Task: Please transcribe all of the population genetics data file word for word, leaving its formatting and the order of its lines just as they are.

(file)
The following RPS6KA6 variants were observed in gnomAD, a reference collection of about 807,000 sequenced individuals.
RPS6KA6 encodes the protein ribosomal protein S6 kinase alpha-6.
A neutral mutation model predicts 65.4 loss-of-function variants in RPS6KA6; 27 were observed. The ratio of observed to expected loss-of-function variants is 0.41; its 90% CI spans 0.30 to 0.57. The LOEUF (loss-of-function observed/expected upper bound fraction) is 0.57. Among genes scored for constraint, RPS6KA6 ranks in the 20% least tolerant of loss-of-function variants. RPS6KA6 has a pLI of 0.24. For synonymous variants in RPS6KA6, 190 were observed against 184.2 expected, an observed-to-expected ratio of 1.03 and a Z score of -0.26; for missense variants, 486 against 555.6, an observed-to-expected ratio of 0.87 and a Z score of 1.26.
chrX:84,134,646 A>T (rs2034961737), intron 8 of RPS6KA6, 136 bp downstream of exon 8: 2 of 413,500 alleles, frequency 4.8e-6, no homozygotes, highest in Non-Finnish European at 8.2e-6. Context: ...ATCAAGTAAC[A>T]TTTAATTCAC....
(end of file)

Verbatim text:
The following RPS6KA6 variants were observed in gnomAD, a reference collection of about 807,000 sequenced individuals.
RPS6KA6 encodes the protein ribosomal protein S6 kinase alpha-6.
A neutral mutation model predicts 65.4 loss-of-function variants in RPS6KA6; 27 were observed. The ratio of observed to expected loss-of-function variants is 0.41; its 90% CI spans 0.30 to 0.57. The LOEUF (loss-of-function observed/expected upper bound fraction) is 0.57. Among genes scored for constraint, RPS6KA6 ranks in the 20% least tolerant of loss-of-function variants. RPS6KA6 has a pLI of 0.24. For synonymous variants in RPS6KA6, 190 were observed against 184.2 expected, an observed-to-expected ratio of 1.03 and a Z score of -0.26; for missense variants, 486 against 555.6, an observed-to-expected ratio of 0.87 and a Z score of 1.26.
chrX:84,134,646 A>T (rs2034961737), intron 8 of RPS6KA6, 136 bp downstream of exon 8: 2 of 413,500 alleles, frequency 4.8e-6, no homozygotes, highest in Non-Finnish European at 8.2e-6. Context: ...ATCAAGTAAC[A>T]TTTAATTCAC....